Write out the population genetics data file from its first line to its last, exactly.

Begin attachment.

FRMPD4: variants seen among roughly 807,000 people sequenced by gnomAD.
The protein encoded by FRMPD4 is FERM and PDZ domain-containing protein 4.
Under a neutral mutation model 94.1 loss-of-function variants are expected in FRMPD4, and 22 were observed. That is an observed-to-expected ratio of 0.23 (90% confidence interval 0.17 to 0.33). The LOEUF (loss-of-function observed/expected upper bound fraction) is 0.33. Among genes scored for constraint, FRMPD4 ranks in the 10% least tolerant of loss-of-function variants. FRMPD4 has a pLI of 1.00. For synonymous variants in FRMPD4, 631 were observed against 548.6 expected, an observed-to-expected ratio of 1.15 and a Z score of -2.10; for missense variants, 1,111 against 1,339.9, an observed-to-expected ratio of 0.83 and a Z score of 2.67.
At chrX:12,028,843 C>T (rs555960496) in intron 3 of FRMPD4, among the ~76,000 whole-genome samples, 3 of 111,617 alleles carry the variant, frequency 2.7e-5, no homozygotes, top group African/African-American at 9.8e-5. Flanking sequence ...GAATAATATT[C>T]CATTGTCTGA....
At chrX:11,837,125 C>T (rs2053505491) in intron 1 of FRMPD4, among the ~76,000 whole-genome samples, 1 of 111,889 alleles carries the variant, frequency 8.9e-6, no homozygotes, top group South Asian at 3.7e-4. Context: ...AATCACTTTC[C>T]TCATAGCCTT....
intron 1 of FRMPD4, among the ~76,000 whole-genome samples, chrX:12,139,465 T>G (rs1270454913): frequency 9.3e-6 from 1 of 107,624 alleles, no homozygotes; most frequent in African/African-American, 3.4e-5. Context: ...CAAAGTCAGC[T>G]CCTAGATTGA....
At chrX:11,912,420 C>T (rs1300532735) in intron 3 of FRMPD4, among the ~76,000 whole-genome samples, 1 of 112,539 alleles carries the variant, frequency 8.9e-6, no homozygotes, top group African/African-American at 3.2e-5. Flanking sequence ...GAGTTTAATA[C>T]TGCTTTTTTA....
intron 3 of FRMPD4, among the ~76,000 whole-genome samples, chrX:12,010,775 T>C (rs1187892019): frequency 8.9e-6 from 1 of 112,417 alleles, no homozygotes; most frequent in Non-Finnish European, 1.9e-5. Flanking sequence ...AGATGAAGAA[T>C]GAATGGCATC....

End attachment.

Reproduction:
FRMPD4: variants seen among roughly 807,000 people sequenced by gnomAD.
The protein encoded by FRMPD4 is FERM and PDZ domain-containing protein 4.
Under a neutral mutation model 94.1 loss-of-function variants are expected in FRMPD4, and 22 were observed. That is an observed-to-expected ratio of 0.23 (90% confidence interval 0.17 to 0.33). The LOEUF (loss-of-function observed/expected upper bound fraction) is 0.33. Among genes scored for constraint, FRMPD4 ranks in the 10% least tolerant of loss-of-function variants. FRMPD4 has a pLI of 1.00. For synonymous variants in FRMPD4, 631 were observed against 548.6 expected, an observed-to-expected ratio of 1.15 and a Z score of -2.10; for missense variants, 1,111 against 1,339.9, an observed-to-expected ratio of 0.83 and a Z score of 2.67.
At chrX:12,028,843 C>T (rs555960496) in intron 3 of FRMPD4, among the ~76,000 whole-genome samples, 3 of 111,617 alleles carry the variant, frequency 2.7e-5, no homozygotes, top group African/African-American at 9.8e-5. Flanking sequence ...GAATAATATT[C>T]CATTGTCTGA....
At chrX:11,837,125 C>T (rs2053505491) in intron 1 of FRMPD4, among the ~76,000 whole-genome samples, 1 of 111,889 alleles carries the variant, frequency 8.9e-6, no homozygotes, top group South Asian at 3.7e-4. Context: ...AATCACTTTC[C>T]TCATAGCCTT....
intron 1 of FRMPD4, among the ~76,000 whole-genome samples, chrX:12,139,465 T>G (rs1270454913): frequency 9.3e-6 from 1 of 107,624 alleles, no homozygotes; most frequent in African/African-American, 3.4e-5. Context: ...CAAAGTCAGC[T>G]CCTAGATTGA....
At chrX:11,912,420 C>T (rs1300532735) in intron 3 of FRMPD4, among the ~76,000 whole-genome samples, 1 of 112,539 alleles carries the variant, frequency 8.9e-6, no homozygotes, top group African/African-American at 3.2e-5. Flanking sequence ...GAGTTTAATA[C>T]TGCTTTTTTA....
intron 3 of FRMPD4, among the ~76,000 whole-genome samples, chrX:12,010,775 T>C (rs1187892019): frequency 8.9e-6 from 1 of 112,417 alleles, no homozygotes; most frequent in Non-Finnish European, 1.9e-5. Flanking sequence ...AGATGAAGAA[T>C]GAATGGCATC....